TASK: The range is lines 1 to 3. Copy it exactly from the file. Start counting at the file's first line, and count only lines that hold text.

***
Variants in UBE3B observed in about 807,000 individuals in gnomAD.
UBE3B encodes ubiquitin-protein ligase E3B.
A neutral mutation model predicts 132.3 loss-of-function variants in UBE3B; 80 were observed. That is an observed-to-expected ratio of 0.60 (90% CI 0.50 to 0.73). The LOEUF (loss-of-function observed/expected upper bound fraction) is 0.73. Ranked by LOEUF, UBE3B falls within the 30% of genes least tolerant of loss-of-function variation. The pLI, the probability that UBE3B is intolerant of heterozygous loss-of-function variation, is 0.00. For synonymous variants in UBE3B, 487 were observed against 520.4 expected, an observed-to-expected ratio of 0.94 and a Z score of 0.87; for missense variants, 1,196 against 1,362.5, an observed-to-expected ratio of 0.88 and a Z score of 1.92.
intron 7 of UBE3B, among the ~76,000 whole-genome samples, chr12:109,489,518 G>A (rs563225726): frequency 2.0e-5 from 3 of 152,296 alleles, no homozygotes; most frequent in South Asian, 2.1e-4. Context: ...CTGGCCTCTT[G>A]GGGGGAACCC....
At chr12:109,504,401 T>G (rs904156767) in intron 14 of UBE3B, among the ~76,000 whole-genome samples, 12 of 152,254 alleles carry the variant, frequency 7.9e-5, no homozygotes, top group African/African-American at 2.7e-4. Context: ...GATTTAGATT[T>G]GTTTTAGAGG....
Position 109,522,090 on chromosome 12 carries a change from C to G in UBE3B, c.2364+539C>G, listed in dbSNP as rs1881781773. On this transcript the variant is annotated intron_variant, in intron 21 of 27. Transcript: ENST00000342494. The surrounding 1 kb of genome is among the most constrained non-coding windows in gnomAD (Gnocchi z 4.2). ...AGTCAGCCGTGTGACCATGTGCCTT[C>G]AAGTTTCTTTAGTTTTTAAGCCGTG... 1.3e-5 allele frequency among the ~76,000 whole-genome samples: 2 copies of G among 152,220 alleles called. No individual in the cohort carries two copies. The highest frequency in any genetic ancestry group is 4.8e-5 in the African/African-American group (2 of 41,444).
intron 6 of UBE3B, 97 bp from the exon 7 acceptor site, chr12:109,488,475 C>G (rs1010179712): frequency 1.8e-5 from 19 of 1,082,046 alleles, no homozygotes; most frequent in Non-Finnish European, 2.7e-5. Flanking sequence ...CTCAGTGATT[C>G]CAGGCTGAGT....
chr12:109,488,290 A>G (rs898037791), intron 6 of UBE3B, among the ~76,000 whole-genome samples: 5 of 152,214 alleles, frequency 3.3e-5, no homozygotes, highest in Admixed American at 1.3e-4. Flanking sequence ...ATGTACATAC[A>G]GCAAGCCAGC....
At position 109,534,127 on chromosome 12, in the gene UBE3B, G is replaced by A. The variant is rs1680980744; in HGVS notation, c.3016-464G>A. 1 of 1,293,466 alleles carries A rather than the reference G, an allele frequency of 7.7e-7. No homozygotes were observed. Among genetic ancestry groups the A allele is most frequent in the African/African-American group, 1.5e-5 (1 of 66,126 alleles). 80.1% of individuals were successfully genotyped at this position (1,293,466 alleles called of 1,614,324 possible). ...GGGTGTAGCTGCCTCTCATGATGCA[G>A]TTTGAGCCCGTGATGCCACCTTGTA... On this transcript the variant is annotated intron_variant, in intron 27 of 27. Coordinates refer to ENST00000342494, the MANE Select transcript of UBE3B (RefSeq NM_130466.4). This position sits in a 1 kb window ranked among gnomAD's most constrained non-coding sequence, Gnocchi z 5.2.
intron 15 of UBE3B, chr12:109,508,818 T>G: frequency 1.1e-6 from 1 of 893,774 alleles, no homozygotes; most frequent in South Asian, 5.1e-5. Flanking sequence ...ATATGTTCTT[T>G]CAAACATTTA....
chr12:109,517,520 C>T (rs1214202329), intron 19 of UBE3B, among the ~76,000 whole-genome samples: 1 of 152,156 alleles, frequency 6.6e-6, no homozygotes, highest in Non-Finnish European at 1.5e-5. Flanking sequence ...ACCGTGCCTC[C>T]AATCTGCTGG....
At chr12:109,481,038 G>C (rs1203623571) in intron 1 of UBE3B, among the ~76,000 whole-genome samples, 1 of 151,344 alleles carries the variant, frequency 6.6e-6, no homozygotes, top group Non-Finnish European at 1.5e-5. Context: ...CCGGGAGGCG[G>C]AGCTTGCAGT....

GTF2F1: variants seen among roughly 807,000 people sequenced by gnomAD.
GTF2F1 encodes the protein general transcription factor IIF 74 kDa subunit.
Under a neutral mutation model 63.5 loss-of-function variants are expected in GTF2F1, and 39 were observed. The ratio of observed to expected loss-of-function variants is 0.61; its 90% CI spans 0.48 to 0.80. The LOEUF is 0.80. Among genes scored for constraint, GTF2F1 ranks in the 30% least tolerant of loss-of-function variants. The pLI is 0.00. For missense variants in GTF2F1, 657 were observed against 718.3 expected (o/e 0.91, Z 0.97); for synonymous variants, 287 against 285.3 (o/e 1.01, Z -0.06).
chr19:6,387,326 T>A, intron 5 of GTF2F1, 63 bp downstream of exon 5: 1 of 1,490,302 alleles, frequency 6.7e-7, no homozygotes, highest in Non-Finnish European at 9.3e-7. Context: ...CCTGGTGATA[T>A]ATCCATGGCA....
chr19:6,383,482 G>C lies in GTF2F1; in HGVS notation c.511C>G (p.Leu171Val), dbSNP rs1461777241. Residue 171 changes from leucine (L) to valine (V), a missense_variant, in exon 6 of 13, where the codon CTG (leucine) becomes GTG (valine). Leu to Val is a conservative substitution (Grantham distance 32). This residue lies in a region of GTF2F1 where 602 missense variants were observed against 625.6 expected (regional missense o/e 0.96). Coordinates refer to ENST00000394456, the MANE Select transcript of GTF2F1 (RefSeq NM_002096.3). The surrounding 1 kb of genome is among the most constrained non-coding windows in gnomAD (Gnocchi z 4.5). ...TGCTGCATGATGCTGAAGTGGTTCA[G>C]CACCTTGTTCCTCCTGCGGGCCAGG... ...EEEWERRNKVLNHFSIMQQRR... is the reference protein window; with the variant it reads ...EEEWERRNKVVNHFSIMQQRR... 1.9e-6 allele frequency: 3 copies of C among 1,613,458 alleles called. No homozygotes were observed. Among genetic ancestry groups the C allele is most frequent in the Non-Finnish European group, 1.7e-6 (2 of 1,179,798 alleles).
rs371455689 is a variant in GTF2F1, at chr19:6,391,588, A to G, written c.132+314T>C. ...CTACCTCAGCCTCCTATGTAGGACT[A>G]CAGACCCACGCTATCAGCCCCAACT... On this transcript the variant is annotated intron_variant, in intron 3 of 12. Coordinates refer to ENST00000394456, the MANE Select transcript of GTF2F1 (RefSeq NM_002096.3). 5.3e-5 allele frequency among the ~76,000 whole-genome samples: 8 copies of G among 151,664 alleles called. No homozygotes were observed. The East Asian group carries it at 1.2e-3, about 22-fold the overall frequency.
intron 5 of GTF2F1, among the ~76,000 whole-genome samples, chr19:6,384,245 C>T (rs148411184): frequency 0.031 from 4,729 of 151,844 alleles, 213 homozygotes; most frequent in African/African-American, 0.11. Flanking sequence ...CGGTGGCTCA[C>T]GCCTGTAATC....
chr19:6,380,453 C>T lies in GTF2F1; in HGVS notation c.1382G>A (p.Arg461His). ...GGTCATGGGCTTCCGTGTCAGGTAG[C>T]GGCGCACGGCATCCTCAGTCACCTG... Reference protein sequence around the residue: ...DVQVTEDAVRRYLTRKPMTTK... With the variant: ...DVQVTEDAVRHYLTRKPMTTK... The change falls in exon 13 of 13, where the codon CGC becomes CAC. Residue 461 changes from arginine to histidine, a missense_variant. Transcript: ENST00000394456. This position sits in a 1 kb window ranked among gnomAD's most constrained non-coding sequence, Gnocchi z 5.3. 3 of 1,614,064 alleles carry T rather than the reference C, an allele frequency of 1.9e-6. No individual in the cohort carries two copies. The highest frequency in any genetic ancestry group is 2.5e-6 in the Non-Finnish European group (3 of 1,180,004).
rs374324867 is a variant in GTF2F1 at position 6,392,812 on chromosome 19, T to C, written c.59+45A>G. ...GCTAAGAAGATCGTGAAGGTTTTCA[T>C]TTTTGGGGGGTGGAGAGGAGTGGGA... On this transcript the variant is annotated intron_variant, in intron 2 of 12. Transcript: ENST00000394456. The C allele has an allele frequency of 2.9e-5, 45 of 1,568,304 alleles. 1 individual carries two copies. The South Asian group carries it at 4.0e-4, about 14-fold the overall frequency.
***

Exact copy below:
Variants in UBE3B observed in about 807,000 individuals in gnomAD.
UBE3B encodes ubiquitin-protein ligase E3B.
A neutral mutation model predicts 132.3 loss-of-function variants in UBE3B; 80 were observed. That is an observed-to-expected ratio of 0.60 (90% CI 0.50 to 0.73). The LOEUF (loss-of-function observed/expected upper bound fraction) is 0.73. Ranked by LOEUF, UBE3B falls within the 30% of genes least tolerant of loss-of-function variation. The pLI, the probability that UBE3B is intolerant of heterozygous loss-of-function variation, is 0.00. For synonymous variants in UBE3B, 487 were observed against 520.4 expected, an observed-to-expected ratio of 0.94 and a Z score of 0.87; for missense variants, 1,196 against 1,362.5, an observed-to-expected ratio of 0.88 and a Z score of 1.92.